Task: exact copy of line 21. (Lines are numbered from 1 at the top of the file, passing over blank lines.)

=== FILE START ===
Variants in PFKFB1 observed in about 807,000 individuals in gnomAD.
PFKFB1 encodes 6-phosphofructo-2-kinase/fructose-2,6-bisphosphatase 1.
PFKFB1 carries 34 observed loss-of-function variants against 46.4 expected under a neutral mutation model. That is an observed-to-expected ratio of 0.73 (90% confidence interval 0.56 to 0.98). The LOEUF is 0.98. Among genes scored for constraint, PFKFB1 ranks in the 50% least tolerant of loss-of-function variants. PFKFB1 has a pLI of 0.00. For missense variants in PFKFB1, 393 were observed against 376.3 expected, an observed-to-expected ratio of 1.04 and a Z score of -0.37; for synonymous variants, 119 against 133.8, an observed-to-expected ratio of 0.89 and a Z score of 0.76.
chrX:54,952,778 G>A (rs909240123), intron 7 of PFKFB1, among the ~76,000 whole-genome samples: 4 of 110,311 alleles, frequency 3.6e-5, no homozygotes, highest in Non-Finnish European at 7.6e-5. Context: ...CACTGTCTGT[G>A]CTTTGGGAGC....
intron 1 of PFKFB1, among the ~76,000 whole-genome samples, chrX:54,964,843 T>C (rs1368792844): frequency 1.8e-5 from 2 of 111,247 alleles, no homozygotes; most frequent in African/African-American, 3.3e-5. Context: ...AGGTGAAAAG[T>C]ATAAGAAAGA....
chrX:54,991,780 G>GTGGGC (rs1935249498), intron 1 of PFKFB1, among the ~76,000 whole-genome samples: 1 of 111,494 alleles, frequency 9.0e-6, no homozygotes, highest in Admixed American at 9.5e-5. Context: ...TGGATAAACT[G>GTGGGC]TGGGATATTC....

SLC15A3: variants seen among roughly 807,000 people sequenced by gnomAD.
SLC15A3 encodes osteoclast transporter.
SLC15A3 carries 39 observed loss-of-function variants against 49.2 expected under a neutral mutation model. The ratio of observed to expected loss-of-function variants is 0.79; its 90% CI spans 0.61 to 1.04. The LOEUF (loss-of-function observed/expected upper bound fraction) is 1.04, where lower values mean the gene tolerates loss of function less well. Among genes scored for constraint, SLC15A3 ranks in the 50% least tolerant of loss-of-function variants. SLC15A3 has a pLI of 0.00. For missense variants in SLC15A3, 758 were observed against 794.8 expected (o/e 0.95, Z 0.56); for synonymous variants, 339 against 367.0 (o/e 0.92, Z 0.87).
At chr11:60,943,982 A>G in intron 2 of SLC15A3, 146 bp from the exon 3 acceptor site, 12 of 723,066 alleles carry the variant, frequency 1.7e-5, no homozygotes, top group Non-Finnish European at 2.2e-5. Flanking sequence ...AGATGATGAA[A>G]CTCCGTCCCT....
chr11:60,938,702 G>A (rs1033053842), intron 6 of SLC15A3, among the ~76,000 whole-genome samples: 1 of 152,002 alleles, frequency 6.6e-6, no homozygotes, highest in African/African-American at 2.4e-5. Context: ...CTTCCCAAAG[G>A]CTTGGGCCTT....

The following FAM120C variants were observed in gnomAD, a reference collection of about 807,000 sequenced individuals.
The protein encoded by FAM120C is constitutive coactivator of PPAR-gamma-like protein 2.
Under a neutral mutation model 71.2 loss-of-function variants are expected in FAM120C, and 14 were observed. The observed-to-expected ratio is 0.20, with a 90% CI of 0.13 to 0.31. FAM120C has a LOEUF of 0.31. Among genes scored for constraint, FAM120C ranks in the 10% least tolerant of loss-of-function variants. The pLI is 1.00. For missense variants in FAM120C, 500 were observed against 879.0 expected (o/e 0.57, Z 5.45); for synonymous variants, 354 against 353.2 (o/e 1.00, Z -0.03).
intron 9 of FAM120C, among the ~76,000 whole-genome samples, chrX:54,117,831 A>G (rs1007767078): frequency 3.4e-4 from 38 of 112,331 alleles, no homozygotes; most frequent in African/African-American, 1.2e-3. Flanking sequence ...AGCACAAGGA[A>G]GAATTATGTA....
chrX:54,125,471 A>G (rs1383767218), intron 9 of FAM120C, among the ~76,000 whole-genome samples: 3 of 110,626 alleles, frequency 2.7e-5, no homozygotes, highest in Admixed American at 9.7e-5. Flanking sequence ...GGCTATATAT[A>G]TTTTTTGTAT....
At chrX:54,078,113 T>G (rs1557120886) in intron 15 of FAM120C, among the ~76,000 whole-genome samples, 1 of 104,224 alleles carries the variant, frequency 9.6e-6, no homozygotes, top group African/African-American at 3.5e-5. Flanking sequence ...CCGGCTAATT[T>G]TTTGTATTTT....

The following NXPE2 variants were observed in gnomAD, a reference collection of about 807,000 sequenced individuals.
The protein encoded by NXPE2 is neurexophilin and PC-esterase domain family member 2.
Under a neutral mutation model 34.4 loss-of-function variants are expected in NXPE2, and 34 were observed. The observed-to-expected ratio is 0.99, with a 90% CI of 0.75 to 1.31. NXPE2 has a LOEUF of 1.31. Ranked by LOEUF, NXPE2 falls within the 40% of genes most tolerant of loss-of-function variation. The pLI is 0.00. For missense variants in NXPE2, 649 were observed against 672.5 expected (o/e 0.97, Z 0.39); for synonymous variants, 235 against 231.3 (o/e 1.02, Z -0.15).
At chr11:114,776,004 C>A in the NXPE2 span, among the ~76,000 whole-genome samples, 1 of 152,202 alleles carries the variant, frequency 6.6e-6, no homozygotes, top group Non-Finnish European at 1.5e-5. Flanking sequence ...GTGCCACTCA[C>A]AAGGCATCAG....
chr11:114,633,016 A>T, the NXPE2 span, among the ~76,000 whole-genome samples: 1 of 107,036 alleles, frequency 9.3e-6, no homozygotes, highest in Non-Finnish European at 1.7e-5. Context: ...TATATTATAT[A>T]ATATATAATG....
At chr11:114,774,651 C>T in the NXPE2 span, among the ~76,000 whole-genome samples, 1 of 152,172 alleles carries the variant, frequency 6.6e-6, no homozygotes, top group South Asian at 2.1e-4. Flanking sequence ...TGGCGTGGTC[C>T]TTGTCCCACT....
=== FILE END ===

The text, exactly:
At chr11:114,776,004 C>A in the NXPE2 span, among the ~76,000 whole-genome samples, 1 of 152,202 alleles carries the variant, frequency 6.6e-6, no homozygotes, top group Non-Finnish European at 1.5e-5. Flanking sequence ...GTGCCACTCA[C>A]AAGGCATCAG....